There was a time when surfers were creatures of the sea, barefoot bohemians who lived their lives in the water and on the sand. Shirts and shoes were for special occasions. Shorts were all they needed. Meals came from the boardwalk. Nights were for evening swims and bonfires. Sunsets were best watched sitting on a board just off the shoreline. Life didn’t play out between four walls. Buildings were for work and study. Everything worth experiencing happened on the beach. It was simple–rigorous, sure, but worth every second, because every bit of effort they were willing to put in, the further they paddled out, and the more they explored, it would pay off a thousandfold.
Things have changed a little bit. Surfers traded their old shorts and bare feet for wetsuits and water shoes. The lineup is a bit more crowded, and there’s not as much room on the sand. But meals still come from the boardwalk. Sunsets are still viewed from the water, and surfers still schedule their lives around the tide. It’s because of what they inherited–sea cliffs, caves, underwater forests, and canyons–fishing, dolphins frolicking close to shore, and whales migrating annually. There’s no place like San Diego.
There’s magic here–natural wonder; it can’t be contained within four walls. It’s too grand, too magnanimous. We all see it blossoming, spreading across San Diego’s beaches, racing along the shore. There’s secrets, hidden wonders, elusive mysteries, and small worlds, all ripe for exploration.
In San Diego, beaches are more than just strips of sand. They’re sacred ground, defined by their fragile ecosystems and geology–all diligently protected–as well as their rich heritage, which is mostly centered around the city’s hundred-year-old surfing sub-culture. Windansea is one of those places where legends roam.
It’s not the kind of beach where tourists swarm the sands and kids dart through the waves. It’s for local surfers, and they feel quite strongly about that. Many of them are from that neighborhood. Their greatest memories were made there, and they don’t don’t want a thousand outsiders crowding the waves. It’s bad enough everywhere else in the city. So they defend their turf. They chase off anyone who hasn’t earned their respect–the same respect that they pay to the place they care about so much.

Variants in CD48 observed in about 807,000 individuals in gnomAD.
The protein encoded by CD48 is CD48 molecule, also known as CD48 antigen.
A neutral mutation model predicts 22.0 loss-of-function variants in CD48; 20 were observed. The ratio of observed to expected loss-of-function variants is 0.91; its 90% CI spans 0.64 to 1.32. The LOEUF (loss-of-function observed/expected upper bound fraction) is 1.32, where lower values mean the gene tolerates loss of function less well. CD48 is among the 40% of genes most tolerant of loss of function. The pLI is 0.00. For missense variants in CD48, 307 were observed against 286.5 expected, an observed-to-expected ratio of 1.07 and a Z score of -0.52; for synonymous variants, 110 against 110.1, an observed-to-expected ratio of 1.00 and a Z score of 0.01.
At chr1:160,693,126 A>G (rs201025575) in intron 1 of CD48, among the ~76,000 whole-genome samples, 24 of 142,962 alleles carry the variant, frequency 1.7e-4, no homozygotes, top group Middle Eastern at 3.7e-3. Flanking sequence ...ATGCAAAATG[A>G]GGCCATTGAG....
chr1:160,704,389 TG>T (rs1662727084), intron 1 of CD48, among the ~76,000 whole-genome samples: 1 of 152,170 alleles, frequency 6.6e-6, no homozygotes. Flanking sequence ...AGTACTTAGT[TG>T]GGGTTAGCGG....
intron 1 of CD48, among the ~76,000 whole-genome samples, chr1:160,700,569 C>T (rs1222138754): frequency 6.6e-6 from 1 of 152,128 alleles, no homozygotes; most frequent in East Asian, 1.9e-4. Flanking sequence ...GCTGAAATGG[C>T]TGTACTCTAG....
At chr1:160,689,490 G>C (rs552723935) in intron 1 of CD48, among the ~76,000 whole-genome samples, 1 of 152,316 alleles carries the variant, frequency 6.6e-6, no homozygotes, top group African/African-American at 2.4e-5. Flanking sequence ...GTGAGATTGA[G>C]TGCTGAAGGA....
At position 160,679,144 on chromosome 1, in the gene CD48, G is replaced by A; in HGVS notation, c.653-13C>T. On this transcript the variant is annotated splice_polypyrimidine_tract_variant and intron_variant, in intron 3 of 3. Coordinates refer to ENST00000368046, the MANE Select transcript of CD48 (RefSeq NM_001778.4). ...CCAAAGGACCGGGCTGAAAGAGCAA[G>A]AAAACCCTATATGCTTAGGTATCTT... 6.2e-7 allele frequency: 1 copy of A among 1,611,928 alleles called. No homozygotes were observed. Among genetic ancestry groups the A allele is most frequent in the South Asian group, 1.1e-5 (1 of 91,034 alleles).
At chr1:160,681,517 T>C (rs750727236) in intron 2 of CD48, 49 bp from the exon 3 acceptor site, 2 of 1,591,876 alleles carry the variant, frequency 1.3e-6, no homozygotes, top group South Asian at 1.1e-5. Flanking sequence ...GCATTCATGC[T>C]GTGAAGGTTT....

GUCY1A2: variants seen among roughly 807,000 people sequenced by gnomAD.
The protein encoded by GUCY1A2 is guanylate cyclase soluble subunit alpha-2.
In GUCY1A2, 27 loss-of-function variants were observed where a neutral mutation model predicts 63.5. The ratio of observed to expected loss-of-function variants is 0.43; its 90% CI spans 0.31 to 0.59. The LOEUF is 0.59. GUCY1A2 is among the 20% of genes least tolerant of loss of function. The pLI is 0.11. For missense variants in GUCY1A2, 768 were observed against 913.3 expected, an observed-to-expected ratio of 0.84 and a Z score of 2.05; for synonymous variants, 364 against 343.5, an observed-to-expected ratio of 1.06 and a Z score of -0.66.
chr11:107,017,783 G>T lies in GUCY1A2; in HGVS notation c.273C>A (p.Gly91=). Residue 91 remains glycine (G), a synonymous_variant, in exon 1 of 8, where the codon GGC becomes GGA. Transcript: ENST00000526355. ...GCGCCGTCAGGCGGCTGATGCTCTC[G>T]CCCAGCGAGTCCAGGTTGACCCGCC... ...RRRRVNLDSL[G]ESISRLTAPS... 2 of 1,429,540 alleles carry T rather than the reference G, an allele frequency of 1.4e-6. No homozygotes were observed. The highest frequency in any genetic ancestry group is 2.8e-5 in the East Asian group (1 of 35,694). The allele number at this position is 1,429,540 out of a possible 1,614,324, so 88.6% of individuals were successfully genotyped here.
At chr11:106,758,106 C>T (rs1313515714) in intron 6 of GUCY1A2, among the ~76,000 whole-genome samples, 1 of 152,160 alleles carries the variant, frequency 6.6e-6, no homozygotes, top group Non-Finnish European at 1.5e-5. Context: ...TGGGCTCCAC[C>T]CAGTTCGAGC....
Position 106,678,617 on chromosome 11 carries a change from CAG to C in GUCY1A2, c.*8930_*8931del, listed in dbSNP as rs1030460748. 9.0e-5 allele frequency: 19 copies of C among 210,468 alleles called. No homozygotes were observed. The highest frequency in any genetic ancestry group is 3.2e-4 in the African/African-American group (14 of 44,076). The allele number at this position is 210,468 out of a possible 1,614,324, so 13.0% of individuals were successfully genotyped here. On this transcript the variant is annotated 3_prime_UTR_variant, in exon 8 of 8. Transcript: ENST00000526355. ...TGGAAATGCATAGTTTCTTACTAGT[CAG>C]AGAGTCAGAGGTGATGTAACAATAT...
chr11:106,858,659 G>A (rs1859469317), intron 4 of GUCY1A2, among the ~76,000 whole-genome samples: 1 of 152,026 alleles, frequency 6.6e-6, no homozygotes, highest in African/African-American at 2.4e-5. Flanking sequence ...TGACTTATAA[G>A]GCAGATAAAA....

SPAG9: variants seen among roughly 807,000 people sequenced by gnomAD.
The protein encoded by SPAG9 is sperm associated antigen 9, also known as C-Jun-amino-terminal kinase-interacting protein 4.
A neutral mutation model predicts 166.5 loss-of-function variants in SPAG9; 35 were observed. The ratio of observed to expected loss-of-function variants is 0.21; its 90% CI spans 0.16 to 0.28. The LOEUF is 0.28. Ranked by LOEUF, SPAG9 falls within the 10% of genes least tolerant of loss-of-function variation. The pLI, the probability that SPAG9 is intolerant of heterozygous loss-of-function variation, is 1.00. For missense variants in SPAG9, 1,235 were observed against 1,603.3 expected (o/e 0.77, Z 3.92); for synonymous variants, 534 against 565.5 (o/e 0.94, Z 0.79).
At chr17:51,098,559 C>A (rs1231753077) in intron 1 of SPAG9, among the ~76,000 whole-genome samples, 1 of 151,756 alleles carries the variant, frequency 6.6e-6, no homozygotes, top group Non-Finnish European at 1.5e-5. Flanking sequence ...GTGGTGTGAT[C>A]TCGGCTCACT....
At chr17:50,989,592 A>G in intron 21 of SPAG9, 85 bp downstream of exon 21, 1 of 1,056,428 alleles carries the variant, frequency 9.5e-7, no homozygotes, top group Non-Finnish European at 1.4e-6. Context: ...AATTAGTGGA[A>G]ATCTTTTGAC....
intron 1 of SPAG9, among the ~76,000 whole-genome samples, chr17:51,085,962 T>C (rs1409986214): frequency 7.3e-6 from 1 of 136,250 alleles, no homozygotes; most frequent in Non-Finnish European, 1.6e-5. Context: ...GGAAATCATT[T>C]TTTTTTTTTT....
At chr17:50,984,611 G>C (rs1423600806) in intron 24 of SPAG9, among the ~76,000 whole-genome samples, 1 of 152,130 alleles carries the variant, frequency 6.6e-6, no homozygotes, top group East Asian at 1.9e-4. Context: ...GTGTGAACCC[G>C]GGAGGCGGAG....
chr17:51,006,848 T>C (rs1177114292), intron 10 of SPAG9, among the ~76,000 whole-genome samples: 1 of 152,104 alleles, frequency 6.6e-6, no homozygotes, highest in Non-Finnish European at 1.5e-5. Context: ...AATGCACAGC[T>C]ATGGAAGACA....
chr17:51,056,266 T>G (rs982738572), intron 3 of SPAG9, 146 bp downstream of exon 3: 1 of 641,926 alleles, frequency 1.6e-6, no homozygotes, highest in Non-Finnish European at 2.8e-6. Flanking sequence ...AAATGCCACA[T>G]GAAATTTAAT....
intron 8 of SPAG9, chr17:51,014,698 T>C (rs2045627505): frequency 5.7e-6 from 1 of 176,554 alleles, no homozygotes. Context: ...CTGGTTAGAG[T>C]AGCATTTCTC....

It’s not the nicest sentiment, and things can turn ugly, but it has its endearing qualities. Many professionals–people who have defined the sport–consider it their original haunt. They do sometimes paddle out, and when they do, the lineup backs away to let them have their turn.
Chad McDonald / Flickr
The beach is also home to the hallowed Windansea Shack, which was built by surfing pioneers Fred Kenyon, Don Okey, and Woody Ekstrom in 1946. They wanted a shady spot for their families to sit and watch them surf. So they went to Scripp’s Hospital and cut down some eucalyptus trees to build it. It quickly became a hotspot for rowdy Hawaiian parties. They’d go on all night until the police would come and break them up. That’s how the shack became a legend, and it’s offered shade to many icons over the years. It was destroyed in 1949, then built back up again. This happens periodically. It’s had to be relocated due to the waves, but the locals keep up on it. It’s a historical site now, and it means a lot to the surfing community as a whole. There are people all across the world who would mourn its destruction.